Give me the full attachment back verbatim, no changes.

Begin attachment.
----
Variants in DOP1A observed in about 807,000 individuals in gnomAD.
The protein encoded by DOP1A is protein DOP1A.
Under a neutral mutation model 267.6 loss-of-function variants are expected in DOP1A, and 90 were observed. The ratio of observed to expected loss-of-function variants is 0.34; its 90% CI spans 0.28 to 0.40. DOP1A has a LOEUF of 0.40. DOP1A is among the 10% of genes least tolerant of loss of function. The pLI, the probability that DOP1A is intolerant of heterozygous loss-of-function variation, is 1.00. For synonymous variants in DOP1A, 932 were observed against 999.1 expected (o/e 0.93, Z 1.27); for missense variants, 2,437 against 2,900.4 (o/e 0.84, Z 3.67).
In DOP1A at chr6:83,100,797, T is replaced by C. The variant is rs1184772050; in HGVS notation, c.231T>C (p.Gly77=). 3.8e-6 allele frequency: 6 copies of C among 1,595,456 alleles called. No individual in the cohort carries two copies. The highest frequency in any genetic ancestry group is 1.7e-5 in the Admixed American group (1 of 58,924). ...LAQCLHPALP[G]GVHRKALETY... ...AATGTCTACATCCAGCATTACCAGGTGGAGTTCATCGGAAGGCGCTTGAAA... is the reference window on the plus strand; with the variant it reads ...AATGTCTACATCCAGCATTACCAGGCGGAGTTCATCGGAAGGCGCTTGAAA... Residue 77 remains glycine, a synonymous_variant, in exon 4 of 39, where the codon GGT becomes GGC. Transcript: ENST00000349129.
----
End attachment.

Variants in DOP1A observed in about 807,000 individuals in gnomAD.
The protein encoded by DOP1A is protein DOP1A.
Under a neutral mutation model 267.6 loss-of-function variants are expected in DOP1A, and 90 were observed. The ratio of observed to expected loss-of-function variants is 0.34; its 90% CI spans 0.28 to 0.40. DOP1A has a LOEUF of 0.40. DOP1A is among the 10% of genes least tolerant of loss of function. The pLI, the probability that DOP1A is intolerant of heterozygous loss-of-function variation, is 1.00. For synonymous variants in DOP1A, 932 were observed against 999.1 expected (o/e 0.93, Z 1.27); for missense variants, 2,437 against 2,900.4 (o/e 0.84, Z 3.67).
In DOP1A at chr6:83,100,797, T is replaced by C. The variant is rs1184772050; in HGVS notation, c.231T>C (p.Gly77=). 3.8e-6 allele frequency: 6 copies of C among 1,595,456 alleles called. No individual in the cohort carries two copies. The highest frequency in any genetic ancestry group is 1.7e-5 in the Admixed American group (1 of 58,924). ...LAQCLHPALP[G]GVHRKALETY... ...AATGTCTACATCCAGCATTACCAGGTGGAGTTCATCGGAAGGCGCTTGAAA... is the reference window on the plus strand; with the variant it reads ...AATGTCTACATCCAGCATTACCAGGCGGAGTTCATCGGAAGGCGCTTGAAA... Residue 77 remains glycine, a synonymous_variant, in exon 4 of 39, where the codon GGT becomes GGC. Transcript: ENST00000349129.